Yes, interesting the use of 'Loid it' or 'Lloyd it' in this one...I remember on the 'old forum' there was quite a long discussion exactly where this phrase came from if memory serves me right...
I have the script for this one and its down as: Terry - "You cant 'Loid a mortice Arthur" and 2 things I've just noticed (on checking it) - one is that I'm sure Terry says "Don't be silly (or stupid) Arthur you can't....etc) in the actual ep (?) so may be a bit of ad libbing by Terry left in....and it also seems as though the director (RWB) put the apostrophe just before the word "loid" in by hand, meaning an abbreviation?
I'm sure someone suggested its short for celluloid...where you use a bank card or similar to open a Yale type lock?
Bizarrely its also a term used in the USA it seems....as a few years ago I came across almost the exact same phrase, including the term 'Loid' in a Dean Koontz book!
Watched this tonight as it is one of my favourites.
Noticed something iffy though. That final scene when Collins turns up to give Arthur the cheque, clock the back of his posh jam jar. I swear it is a CND ban the bomb sticker on the back window. Would seem a little out of character for him...
Nice blooper I was made aware of recently - watch carefully around 11 minutes as Charlie enters the flat for the first time (while Terry is downstairs). As Charlie passes the dining table there is a fruit bowl, place mats and a salt & pepper set on the table as he goes into a back room. When Charlie reappears from the back room in the next scene the table is now empty!
---> Visit the number 1 Minder site on the web: www.minder.org ---> or on YouTube: minderDOTorg
Daley & McCann are, as good as, holding hands, on the exercise yard, in the scrubs.
This is more like it! After the disappointing previous episode it's good to see Minder looking like its old self. The opening scene is one of the best in the series and gets the episode off to a great start. My American ears enjoyed all the slang flying fast and furiously! I really liked the Arthur-Terry banter at the police station.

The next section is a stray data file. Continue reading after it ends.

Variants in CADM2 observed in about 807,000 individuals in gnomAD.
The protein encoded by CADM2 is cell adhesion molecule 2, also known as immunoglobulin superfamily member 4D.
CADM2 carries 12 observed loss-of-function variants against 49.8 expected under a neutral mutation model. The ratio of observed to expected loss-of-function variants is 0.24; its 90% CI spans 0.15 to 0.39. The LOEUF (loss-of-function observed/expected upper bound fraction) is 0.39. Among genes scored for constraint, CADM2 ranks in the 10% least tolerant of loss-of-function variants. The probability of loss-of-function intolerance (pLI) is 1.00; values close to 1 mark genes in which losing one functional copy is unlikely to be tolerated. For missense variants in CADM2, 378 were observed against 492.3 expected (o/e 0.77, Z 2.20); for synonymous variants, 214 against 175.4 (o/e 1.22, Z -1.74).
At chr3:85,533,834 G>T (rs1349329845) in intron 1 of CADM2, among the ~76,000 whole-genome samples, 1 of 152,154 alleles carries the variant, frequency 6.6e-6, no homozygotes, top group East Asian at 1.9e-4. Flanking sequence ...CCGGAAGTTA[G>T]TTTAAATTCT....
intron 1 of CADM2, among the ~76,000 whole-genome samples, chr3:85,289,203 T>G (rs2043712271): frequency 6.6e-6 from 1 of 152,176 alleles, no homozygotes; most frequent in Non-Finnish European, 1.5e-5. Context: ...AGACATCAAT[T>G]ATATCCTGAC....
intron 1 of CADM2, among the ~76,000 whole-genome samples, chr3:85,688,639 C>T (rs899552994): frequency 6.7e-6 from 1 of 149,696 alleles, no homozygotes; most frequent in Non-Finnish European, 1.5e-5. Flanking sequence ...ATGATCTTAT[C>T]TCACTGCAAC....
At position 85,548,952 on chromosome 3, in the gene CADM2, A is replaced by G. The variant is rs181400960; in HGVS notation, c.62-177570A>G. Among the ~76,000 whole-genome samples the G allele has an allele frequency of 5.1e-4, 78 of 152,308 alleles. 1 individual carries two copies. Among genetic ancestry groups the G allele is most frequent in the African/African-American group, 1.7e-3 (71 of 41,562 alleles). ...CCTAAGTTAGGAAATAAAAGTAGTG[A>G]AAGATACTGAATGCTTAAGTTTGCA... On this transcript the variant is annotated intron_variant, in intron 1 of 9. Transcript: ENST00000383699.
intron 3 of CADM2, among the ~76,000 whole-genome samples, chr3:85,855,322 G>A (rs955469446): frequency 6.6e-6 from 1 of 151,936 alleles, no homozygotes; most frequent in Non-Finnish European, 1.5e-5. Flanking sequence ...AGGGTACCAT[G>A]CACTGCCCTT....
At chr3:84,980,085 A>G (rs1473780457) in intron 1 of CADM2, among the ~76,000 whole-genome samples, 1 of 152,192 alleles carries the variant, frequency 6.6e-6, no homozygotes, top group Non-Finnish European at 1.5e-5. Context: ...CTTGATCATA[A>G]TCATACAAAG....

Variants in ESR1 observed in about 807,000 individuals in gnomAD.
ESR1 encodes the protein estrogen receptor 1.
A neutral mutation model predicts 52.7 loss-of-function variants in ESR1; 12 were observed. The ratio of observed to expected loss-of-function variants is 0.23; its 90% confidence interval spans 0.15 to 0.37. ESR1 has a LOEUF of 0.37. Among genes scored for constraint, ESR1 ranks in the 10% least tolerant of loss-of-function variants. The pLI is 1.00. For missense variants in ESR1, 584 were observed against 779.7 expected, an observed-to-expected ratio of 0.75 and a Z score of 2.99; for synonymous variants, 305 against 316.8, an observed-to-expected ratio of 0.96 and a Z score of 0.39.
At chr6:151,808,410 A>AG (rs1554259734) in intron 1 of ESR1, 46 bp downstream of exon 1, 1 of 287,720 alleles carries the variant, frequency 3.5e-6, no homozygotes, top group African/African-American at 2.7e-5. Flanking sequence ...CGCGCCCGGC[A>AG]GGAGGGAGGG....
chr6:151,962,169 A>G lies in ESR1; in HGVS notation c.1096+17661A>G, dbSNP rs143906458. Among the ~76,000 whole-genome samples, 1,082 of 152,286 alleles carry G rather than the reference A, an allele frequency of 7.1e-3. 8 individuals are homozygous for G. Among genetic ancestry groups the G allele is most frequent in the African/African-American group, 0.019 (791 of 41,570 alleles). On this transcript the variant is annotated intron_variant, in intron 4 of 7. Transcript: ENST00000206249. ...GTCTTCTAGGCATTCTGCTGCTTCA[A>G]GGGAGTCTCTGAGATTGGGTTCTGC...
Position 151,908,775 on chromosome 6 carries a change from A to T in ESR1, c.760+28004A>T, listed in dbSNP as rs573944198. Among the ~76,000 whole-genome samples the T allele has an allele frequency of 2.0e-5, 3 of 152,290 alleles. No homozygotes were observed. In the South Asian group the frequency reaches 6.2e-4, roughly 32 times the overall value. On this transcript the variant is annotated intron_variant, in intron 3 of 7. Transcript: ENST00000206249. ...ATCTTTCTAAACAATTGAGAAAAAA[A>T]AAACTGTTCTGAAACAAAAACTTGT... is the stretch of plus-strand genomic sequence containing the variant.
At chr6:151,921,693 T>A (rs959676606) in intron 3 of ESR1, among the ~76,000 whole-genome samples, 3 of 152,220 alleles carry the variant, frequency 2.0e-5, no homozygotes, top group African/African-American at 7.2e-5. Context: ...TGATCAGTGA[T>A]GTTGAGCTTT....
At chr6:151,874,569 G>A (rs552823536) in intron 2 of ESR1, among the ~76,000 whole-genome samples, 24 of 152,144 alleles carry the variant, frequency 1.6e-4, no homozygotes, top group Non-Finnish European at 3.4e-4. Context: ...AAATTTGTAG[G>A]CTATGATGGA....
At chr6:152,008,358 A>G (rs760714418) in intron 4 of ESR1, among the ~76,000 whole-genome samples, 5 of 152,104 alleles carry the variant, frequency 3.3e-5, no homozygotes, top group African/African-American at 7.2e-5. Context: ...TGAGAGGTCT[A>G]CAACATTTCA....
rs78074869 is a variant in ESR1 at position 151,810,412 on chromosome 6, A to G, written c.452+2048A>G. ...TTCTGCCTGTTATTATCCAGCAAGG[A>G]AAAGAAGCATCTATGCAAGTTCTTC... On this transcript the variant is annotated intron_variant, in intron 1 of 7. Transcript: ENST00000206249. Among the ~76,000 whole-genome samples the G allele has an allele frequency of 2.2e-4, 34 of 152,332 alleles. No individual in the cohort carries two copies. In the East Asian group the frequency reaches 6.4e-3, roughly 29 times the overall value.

A very good episode and one to add to my list of favorites.
This is a good episode. Well crafted and everyone is good in it. Just watched it again on ITV4.
I would have thought the reference to 'Lloyd it' was for using a Lloyd's bank card on the lock. I can't see any other explanation as fitting that era.
I am sorry I didn't watch out for the bloopers mentioned above but I noticed another one. When the action shifts from outside the shop where Rycott first confronts Arthur and goes back to the Winchester Arthur's suit changes from pin stripe to brown.
I watched it before I went to work this morning, a quality episode. I have to check something out as I spotted a name of one of the crew in the closing titles who I work with, but not directly. Not a name you would hear much, so am very intrigued!
I know the ITV4 cuts can be frustrating, but it does set you up for the day, no matter how many times you have seen it.
Very good episode. You can always rely on Tony Hoare to come up with the goods. Picture Quality's a bit of a grainy one. Great to see Rycott and Melish again, this was only Rycott's 7th appearance. The receptionist Gra966 refers to is Tilly Vosburgh, playing it more glam here. She often plays downtrodden roles, including a 2 year stint as an MS sufferer in Eastenders in the late 90s. She appeared in only the third ever episode of Grange Hill (according to IMDB)